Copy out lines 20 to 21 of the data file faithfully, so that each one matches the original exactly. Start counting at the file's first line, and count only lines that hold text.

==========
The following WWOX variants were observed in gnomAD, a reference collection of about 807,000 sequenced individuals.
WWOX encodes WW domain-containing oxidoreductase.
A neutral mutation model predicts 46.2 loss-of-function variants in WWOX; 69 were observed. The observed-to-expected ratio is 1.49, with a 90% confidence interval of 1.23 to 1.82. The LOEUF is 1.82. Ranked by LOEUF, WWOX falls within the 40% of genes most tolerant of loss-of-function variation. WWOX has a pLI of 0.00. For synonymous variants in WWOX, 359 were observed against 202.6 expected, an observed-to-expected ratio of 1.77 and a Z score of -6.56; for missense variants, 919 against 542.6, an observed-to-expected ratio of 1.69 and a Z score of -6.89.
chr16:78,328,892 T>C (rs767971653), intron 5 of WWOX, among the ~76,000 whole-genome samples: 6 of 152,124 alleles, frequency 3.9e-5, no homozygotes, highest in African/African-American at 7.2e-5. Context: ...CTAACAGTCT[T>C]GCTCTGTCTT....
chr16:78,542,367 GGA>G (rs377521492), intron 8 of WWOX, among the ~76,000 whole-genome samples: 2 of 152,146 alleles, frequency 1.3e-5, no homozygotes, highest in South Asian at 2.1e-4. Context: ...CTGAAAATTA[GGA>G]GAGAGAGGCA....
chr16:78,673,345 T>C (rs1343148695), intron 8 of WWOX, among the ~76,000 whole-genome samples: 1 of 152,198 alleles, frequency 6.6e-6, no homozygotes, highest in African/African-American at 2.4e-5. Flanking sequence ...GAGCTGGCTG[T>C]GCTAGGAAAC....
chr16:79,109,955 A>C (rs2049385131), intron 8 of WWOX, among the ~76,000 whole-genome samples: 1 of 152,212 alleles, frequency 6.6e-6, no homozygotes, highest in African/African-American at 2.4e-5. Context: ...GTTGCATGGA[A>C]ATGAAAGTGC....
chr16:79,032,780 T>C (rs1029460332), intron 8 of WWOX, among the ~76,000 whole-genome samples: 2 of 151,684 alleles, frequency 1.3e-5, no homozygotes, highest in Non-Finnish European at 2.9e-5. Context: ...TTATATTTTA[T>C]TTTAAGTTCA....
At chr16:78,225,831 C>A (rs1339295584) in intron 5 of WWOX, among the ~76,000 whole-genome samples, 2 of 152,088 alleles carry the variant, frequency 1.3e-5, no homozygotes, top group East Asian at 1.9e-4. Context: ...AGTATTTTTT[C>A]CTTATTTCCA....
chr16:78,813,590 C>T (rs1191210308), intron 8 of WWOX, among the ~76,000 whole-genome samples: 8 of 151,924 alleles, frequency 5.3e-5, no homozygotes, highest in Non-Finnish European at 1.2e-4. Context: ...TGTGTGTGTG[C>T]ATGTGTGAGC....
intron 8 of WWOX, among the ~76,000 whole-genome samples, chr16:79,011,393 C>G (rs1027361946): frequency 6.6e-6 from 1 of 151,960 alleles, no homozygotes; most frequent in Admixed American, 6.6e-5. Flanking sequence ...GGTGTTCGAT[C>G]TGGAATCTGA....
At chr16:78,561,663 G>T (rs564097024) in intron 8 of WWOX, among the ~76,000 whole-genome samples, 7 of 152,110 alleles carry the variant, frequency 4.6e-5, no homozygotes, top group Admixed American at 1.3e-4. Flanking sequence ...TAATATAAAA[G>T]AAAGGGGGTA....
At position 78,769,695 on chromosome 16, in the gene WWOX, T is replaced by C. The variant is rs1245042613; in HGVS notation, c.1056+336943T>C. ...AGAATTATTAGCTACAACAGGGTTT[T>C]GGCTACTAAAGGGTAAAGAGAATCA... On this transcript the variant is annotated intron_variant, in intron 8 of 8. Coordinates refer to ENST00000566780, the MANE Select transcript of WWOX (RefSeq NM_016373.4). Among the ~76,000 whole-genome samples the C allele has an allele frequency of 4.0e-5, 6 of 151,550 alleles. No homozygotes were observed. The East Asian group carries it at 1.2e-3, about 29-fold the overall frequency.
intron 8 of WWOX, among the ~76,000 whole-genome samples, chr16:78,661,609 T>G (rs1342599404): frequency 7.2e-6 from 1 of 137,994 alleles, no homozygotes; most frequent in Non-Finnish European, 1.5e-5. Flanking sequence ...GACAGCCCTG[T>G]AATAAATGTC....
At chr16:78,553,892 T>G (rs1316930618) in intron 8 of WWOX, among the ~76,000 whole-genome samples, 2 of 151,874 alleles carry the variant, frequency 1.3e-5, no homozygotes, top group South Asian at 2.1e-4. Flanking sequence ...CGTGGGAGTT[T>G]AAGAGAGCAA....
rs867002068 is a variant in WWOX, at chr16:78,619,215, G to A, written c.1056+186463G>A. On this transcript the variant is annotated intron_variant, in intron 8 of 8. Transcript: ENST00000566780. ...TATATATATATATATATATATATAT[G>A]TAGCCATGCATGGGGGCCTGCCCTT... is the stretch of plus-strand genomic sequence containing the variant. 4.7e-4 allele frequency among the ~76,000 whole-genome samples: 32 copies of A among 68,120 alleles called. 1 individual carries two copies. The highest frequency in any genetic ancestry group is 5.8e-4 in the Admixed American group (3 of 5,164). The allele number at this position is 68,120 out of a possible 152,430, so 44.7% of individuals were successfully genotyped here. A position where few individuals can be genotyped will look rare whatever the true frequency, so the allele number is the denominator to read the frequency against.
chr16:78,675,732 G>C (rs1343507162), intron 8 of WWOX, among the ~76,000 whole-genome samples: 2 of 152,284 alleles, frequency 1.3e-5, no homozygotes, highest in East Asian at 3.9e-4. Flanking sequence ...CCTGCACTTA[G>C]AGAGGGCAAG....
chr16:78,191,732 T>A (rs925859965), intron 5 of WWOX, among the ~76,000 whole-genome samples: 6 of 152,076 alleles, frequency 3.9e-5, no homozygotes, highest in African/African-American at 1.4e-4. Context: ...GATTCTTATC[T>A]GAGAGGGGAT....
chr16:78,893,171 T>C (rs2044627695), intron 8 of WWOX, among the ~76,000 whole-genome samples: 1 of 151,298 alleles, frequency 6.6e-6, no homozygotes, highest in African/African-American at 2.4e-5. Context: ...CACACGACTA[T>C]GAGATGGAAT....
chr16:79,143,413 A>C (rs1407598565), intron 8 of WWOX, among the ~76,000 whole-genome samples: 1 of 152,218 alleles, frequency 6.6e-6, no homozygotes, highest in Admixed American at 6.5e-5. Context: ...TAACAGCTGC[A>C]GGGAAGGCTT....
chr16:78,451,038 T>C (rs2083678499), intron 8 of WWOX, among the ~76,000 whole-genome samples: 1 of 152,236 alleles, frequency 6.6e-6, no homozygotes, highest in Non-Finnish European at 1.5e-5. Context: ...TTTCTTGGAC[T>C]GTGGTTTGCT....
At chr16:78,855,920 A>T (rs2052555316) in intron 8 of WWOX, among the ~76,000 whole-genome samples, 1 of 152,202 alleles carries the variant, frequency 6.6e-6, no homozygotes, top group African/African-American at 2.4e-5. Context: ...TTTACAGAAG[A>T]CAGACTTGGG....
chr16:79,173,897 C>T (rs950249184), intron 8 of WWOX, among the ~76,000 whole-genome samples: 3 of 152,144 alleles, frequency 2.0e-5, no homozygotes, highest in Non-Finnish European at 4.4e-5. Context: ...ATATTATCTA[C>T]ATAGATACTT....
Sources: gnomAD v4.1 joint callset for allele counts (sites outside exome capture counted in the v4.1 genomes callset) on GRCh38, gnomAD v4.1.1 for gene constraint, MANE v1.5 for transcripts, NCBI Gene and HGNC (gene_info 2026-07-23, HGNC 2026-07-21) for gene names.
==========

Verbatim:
chr16:79,143,413 A>C (rs1407598565), intron 8 of WWOX, among the ~76,000 whole-genome samples: 1 of 152,218 alleles, frequency 6.6e-6, no homozygotes, highest in Admixed American at 6.5e-5. Context: ...TAACAGCTGC[A>C]GGGAAGGCTT....
chr16:78,451,038 T>C (rs2083678499), intron 8 of WWOX, among the ~76,000 whole-genome samples: 1 of 152,236 alleles, frequency 6.6e-6, no homozygotes, highest in Non-Finnish European at 1.5e-5. Context: ...TTTCTTGGAC[T>C]GTGGTTTGCT....